Country music gypsies travel for the love of the music

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County Music gypsies travel with their trailers, 5th wheels and RVs to create a village when they arrive at a festival site. 

Allyson Beauregard and Lynne Lavery

MRC PONTIAC &
PONTIAC – In days gone by gypsies would travel in caravans setting up camp once they reached their


County Music gypsies travel with their trailers, 5th wheels and RVs to create a village when they arrive at a festival site. 

Allyson Beauregard and Lynne Lavery

MRC PONTIAC &
PONTIAC – In days gone by gypsies would travel in caravans setting up camp once they reached their
destination. Today, there’s another type of “gypsy” plying the highways with much bigger rigs; these
travelers love Old Time Country Music, and take their pleasure seriously enough to travel with their trailers, 5th-wheels, and RVs, from festival to festival during the summer season.  
Some of the local festivals that attract these music lovers include the Quyon Jam Fest, the Shawville Lions’ Country Jamboree, Oktoberfest, and of course, the Shawville Fair.   “We’ve attracted about 300 trailers per year for the last three years,” Jim Hodgins, the original organizer of the Jamboree, told the Journal. “This has grown from the 100 we had for the first
jamboree.” He and his wife, Bonnie, started the festival in 2006 and passed it to the Lions Club in 2014.
Groups of festival goers will often travel together and camp together just like the gypsies of old. 
They move from site to site, creating a temporary village at each one. “The groups range from three to four trailers, with a dozen in some. Some travel 250 km or more,” added Hodgins.
“They want to be with their friends; they travel for the music but also for the comradery. At the Jamboree we had a group of twelve trailers from the Bay of Quinte and another from North Gower, called the North Gower Group.” The majority of these new gypsies are retired seniors.
Lorraine and Basil Hodgins, from Shawville, love to travel, following the music.  According to Lorraine, “The set-up is easy. We get a registration letter sometime in February and once you send in your money your spot is set; at the Jamboree we’ve had the same spot for the past 9 years!” They started their Country Music gypsying at the Gatineau Clog, in 1983, and have attended festivals in Peterborough, Kingston and also along the Seaway. This year they’ve gone to Quyon, Shawville and the Bluegrass Festival in Renfrew; they’ll be back in Quyon for Community Days and are looking forward to Oktoberfest in Ladysmith.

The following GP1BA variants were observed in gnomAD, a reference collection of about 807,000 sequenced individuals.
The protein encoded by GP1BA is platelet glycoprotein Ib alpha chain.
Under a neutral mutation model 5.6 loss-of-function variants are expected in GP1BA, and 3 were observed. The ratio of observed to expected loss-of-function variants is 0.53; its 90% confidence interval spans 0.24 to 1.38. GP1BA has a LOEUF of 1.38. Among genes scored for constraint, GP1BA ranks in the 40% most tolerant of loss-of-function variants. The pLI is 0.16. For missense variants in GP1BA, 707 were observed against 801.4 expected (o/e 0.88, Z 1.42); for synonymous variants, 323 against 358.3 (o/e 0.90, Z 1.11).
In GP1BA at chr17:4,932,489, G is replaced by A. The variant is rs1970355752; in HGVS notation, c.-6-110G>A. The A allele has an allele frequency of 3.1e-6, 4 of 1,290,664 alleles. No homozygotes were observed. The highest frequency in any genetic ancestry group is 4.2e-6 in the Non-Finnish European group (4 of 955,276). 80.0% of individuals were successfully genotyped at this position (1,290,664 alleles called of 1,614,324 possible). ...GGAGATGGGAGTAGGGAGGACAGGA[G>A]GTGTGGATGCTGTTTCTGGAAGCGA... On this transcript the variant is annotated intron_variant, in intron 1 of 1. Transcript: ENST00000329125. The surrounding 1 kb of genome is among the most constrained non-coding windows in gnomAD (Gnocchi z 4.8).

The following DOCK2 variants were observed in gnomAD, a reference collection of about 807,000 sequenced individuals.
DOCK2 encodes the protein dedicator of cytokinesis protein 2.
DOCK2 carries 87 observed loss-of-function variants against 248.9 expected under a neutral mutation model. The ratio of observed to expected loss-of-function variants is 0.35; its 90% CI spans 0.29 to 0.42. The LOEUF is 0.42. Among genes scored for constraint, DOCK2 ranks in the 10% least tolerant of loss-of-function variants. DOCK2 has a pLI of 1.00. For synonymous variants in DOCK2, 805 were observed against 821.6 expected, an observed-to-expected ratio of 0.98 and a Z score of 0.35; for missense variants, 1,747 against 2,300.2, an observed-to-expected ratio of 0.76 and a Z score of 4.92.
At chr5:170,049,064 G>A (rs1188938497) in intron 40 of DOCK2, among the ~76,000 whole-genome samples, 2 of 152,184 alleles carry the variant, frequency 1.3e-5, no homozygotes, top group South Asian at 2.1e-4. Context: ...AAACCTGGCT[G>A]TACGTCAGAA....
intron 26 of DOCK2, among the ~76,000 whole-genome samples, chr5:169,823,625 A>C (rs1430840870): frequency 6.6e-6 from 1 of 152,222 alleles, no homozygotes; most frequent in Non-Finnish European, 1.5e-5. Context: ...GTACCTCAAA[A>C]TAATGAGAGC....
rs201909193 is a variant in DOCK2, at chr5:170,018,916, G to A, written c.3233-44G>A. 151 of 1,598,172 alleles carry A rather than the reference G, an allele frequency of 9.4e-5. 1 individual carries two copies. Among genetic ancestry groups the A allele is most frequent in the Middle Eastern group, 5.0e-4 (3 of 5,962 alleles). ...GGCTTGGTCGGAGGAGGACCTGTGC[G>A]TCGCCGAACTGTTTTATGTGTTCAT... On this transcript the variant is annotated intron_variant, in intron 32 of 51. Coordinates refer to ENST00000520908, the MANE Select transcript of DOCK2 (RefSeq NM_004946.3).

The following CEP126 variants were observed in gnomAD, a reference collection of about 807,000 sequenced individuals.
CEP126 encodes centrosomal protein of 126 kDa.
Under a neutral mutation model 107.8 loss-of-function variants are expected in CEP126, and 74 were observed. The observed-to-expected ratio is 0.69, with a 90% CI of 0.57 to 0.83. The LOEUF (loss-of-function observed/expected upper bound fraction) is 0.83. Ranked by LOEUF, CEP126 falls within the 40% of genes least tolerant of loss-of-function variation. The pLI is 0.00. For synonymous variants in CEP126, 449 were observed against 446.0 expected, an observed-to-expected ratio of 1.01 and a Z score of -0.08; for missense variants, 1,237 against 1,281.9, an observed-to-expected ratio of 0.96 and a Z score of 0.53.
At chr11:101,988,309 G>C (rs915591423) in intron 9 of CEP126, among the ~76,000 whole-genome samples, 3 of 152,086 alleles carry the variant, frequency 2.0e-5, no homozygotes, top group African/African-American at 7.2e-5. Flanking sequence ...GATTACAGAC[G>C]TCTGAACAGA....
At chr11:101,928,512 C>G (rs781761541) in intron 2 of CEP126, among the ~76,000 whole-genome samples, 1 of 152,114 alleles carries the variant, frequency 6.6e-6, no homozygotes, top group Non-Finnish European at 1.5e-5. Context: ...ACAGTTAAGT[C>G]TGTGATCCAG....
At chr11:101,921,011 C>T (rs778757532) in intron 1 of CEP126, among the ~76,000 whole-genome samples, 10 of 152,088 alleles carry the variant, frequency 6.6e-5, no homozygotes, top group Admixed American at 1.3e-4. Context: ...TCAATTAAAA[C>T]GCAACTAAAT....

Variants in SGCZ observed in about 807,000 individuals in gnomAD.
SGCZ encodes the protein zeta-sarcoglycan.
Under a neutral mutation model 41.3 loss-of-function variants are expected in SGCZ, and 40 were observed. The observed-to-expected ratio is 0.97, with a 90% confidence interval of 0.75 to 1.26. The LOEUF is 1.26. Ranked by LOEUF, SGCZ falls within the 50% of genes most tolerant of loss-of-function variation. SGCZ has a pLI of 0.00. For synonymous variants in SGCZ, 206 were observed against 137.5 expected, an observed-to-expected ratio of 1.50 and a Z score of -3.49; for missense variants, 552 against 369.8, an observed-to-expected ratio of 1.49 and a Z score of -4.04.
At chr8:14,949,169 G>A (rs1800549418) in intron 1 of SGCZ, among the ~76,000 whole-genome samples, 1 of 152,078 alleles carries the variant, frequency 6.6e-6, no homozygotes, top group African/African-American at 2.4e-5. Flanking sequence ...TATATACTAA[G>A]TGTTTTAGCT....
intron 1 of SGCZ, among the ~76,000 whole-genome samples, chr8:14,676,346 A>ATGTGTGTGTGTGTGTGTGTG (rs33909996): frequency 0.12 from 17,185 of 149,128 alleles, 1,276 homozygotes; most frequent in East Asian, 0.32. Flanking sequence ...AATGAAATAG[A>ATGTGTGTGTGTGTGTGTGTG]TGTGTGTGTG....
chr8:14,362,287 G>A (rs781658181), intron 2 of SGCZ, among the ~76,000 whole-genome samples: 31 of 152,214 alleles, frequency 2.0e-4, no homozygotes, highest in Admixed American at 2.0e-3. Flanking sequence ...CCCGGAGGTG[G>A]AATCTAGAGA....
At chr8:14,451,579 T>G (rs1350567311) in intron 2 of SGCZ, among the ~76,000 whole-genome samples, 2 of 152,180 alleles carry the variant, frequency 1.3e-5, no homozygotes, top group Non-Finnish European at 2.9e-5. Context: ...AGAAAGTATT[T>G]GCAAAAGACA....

For a weekend, these gypsies often arrive on Wednesday, taking two days to settle in before the music starts on Friday. “We visit with our friends; some have come from Campbellford, Pakenham, Almonte, Arnprior. We play games, share meals and happy hour; someone will have a guitar and almost everyone knows the music so we can sing-along. We only see some of these people at the festivals so it’s a real party atmosphere, a true community of friends,” said Lorraine.
Gypsies have to be self-sufficient. There will be drinking water on site, but the
trailers have propane stoves and fridges,
50 gallon water tanks, and holding
tanks for waste.  Most have generators,
but, “Campers are considerate,” noted Lorraine. “They will only run them at meals and the new generators, even though they are large, aren’t very noisy at all.”
Being a Country Music Gypsy is not an expensive lifestyle, either. “If you camp at a regular campground it can cost at least $40 per night,” said Lorraine. “At the Jamboree, people came in the Sunday before, paid $100, and were able to stay all week. And, these are visitors who will go into town to buy their groceries and propane. It’s so good for the town;
they’ll shop in our stores and eat in our
restaurants. They aren’t afraid to spend their money,” she added.
But, what it all comes back to is the music. Old Time Country is what these gypsies are after; they may tolerate some of the newer Country styles but what they want is music from days gone by that is good for dancing. There’s often an open mic session on one of the first evenings, from 7 – 11 pm, and there’s lots of local
 talent to fill the spots; each participant is allowed two songs. The professionals come later in the weekend, and news about the next festival is freely distributed and
promoted to keep the gypsies on the road. 
“We’ve been camping for over 45 years, but this is what we’ve been doing for the past 10-15. It’s a great way of life, a great retirement,” concluded Lorraine.